Hydrostatic pressure in relation to the synchronous culture of algae in open and closed systems.

Author: 
Peer reviewed: 
No, item is not peer reviewed.
Date created: 
1968
Abstract: 

Chlorella ellipsoidea cultured using conventional methods under a 14: 10 light-dark regime in Bai j eririck ' s medium at 25?+ 1?with 700 ft-c illumination resulted in synchronous division with an n number of 4. Under identical conditions of light intensity, temperature, culture medium, and light-dark regime but in a closed system which was designs to study the effects of hydrostatic pressure on synchronous algae cultures, synchronous cell division did not occur and the n number was 2 or less at 1 atm. The most significant difference in the culture conditions arises because the concentrations of dissolved gases (mainly CCu and O^) remain relatively constant throughout the growth cycle in the open system while the gases vary in concentration continuously during the cycle in the closed system. In the closed system C>2 increases continuously c?CO-p decreases during the light period; the reverse is true in the dark. Analyses of the rati.os of dry weight, protein content, and cell size showed increases of approximately 2 in the closed system and 4 in the open system. The intent of this study was to determine effects of hydrostatic pressure on the physiology and morphology of algae. Therefore it was essential to develop techniques for successful culture in a closed system. Various modifications of culture conditions were made in attempts (only partially successful) to obtain equal growth in the two systems. 11 The effects of variations in some environmental parameters on the n number, dry weight, protein concentration, and cell size in the open and closed systems were investigated. With varied growing conditions of light intensity (15-700 ft--c), light- dark regimes (14: 10, 16: 8, 18: 6, 6: 18, 8: 16, 10: 14), media (Beijerinck, Burr, Sorokin, Tamiya and Morimura, and Beijerinck's modified with bicarbonate), CC^ concentration (0-100% saturation), and the addition of organic substances (glycolate, ascorbate, dithiothreitol) the n number and the ratios of increase in the other growth criteria were 4 in the open system but never more than 2 in the closed system. The n number and ratios of increase in dry weight, protein content and cell size were 4 in the open system at atmospheric Cu concentration but only 2 or less at high 02 (50 and 95%) concentration. These results indicate that high C>2 is probably responsible for the descrepancies in the n number and the rEitios of increase of the other criteria between the open and closed systems. Photosynthetically evolved 0^ in the closed system during the light period appears to be sufficient to induce this Warburg Effect. It was hypothesized that the Warburg Effect is responsible for the observed differences in increases in the growth criteria in the open and closed systems. Experiments were carried out to determine if photosynthetically evolved 02 was inhibiting cell growth. Using the Biological Oxygen Monitor algal samples were exposed to ? concentrations varying from 0 to 100% saturation at 25?with 700 ft-c Ill illumination. On the basis of these results which have indicated a decrease in the relative rates of O^ evolution at high 02 concentrations, it was concluded that Op evolved in the closed system could be responsible for the inhibition of photosynthesis. Synchronous growth under pressure has not yet been obtained. However, pressure effects on cell division were investigated. The n number was 4 in cells dividing while exposed to pressures of up to 200 atm, but pressures above 335 atm completely inhibited cell division. A possible mutagenic effect of pressure exposure on algal cells was considered.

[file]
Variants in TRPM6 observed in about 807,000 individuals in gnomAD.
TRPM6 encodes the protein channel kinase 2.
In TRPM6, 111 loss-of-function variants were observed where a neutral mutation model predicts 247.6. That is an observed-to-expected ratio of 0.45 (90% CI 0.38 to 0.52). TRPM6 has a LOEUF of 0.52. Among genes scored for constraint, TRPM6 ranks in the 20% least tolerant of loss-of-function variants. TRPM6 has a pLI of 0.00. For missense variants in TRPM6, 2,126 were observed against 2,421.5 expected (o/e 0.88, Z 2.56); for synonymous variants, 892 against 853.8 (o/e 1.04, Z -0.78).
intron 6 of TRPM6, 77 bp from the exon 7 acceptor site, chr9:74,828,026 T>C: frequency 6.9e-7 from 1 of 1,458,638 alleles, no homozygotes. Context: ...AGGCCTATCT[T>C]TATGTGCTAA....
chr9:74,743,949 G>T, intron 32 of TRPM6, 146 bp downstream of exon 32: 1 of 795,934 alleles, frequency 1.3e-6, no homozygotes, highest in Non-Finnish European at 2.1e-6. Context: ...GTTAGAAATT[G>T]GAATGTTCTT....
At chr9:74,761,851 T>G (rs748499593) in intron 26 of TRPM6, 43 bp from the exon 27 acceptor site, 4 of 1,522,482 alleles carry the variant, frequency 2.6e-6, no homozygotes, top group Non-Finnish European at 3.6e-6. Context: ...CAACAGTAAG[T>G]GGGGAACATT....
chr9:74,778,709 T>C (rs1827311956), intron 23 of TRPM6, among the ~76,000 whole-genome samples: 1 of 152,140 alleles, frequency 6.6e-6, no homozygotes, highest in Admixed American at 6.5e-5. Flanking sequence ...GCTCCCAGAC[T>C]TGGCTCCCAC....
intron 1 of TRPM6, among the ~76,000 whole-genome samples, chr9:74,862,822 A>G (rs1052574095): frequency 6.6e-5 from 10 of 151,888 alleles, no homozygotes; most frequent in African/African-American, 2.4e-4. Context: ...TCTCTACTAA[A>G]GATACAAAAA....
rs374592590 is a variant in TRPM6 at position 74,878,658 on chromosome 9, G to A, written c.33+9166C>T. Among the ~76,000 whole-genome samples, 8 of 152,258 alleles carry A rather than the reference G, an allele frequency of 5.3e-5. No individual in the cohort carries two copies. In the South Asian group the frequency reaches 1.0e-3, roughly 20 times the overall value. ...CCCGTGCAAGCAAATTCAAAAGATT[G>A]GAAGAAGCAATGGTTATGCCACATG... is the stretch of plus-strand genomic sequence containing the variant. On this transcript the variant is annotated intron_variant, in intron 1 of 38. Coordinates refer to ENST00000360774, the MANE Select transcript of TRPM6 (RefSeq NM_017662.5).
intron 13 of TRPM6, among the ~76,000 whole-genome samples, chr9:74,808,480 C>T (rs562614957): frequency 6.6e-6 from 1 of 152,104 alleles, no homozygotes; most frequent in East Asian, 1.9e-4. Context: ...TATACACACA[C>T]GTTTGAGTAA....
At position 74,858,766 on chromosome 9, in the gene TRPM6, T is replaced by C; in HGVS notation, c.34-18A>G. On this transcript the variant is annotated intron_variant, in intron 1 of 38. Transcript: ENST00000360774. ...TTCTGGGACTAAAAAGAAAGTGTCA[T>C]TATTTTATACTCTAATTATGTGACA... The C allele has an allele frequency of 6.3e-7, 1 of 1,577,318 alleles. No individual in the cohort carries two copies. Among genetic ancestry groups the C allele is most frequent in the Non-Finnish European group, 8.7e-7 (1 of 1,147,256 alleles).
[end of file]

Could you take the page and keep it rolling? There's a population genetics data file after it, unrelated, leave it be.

Description: 

Thesis (Ph.D.) - Dept. of Biological Sciences - Simon Fraser University

Language: 
English
Document type: 
Thesis
Rights: 
Copyright remains with the author
File(s): 
Senior supervisor: 
William Vidaver
Department: 
Science: Department of Biological Sciences
Thesis type: 
(Dissertation) Ph.D.
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